Copyright ©2007 NPR. For personal, noncommercial use only. See Terms of Use. For other uses, prior permission required.

ROBERT SIEGEL, host:

From NPR News, this is ALL THINGS CONSIDERED. I'm Robert Siegel.

California's unconventional governor is taking another swing at conventional state governance. This time, Arnold Schwarzenegger has his sights on privatizing the California Lottery. The Republican governor made his initial pitch on the subject a couple of weeks ago. But as John Myers of member station KQED reports, some worry that the idea has more sizzle than substance.

JOHN MYERS: Since being elected governor in 2003, Arnold Schwarzenegger's political fortunes have largely been tied to California's state budget. When he proposed a major spending cut, his job approval ratings hit rock bottom. Last year, when a one-time surplus helped to pay for dozens of programs, the ensuing bipartisan spirit helped assure his reelection.

Now, facing a downturn in the economy and stagnant state revenues, Schwarzenegger is promoting a new idea for an infusion of cash - leasing the California Lottery to private investors.

Governor ARNOLD SCHWARZENEGGER (Republican, California): Our lottery is a very valuable public asset but it does not nearly perform as well as in other states. We can double or triple the revenues from the lottery if we maintain ownership but lease it to the private sector to manage the sales.

MYERS: The discussion began when several investment banking firms pitched the idea to Schwarzenegger and his budget advisors. And he's not alone; six other states are also now considering plans to privatize their lotteries. California voters approved the creation of a lottery in 1984 based on a political campaign that promised major money for public schools. But today, the state's lottery only accounts for 2 percent of the money spent on K through 12 education. Early projections suggest that state could command an upfront payment to privatize the lottery of as much as $37 billion, or the state could demand annual payments of a few billion dollars a year. Either option could help ease California's financial problems. So far, Democrats have reacted skeptically to the idea. Don Perata, the president pro tem of the California State Senate says the governor seems to prefer budget gimmicks to actual budget balancing.

State Senator DON PERATA (Democrat, California): These little mix and matches and we'll going to sell this off, we'll going to sell that off -we're about done with that now. And the question is when are we going to start rationalizing our system of capturing revenues and spending revenues in some kind of a rational way.

MYERS: And if a private company takes over the California lottery and successfully expands lottery revenues, that money is coming out of the economy somewhere else. Jean Ross of the non-profit California Budget Project says that could mean less sales tax revenues for the state.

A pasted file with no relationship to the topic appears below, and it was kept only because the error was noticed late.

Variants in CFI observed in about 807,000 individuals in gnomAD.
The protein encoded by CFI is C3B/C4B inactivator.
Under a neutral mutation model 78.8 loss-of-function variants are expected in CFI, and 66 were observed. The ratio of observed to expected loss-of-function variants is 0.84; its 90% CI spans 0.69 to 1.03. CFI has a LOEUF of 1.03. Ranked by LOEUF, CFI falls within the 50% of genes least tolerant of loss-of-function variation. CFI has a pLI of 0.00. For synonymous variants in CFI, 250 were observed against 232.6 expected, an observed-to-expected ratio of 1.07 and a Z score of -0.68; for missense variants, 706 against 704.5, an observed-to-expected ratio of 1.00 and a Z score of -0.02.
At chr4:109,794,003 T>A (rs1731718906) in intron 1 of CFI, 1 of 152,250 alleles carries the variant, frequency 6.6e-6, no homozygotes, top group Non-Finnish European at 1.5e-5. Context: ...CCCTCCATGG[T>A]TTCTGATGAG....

Ms. JEAN ROSS (Executive Director, California Budget Project): A dollar that somebody spends on a lottery ticket is a dollar that they're not spending on shoes for their child to wear to schools, gas to put in their car or local restaurant.

MYERS: If that wasn't enough, the labor union that represents lottery workers may fight the plan. At this point, there is no formal proposal to privatize the lottery but the idea does seem to ducktail with Schwarzenegger's philosophical preference for the private sector, a philosophy the governor discussed at length in a recent one-on-one interview.

Gov. SCHWARZENEGGER: I am personally and so against government running things because we don't have the experts here. The private sector has the experts. The private sector also has the money.

MYERS: Privatizing California's lottery would also allow Schwarzenegger to pull off another feat - increasing state revenues without raising taxes. It would the ultimate fiscal jackpot, which may explain why the eternally optimistic governor is considering placing a bet.

For NPR News, I'm John Myers in Sacramento.

Copyright © 2007 NPR. All rights reserved. No quotes from the materials contained herein may be used in any media without attribution to NPR. This transcript is provided for personal, noncommercial use only, pursuant to our Terms of Use. Any other use requires NPR's prior permission. Visit our permissions page for further information.

NPR transcripts are created on a rush deadline by a contractor for NPR, and accuracy and availability may vary. This text may not be in its final form and may be updated or revised in the future. Please be aware that the authoritative record of NPR's programming is the audio.

Comments

 

Please keep your community civil. All comments must follow the NPR.org Community rules and terms of use, and will be moderated prior to posting. NPR reserves the right to use the comments we receive, in whole or in part, and to use the commenter's name and location, in any medium. See also the Terms of Use, Privacy Policy and Community FAQ.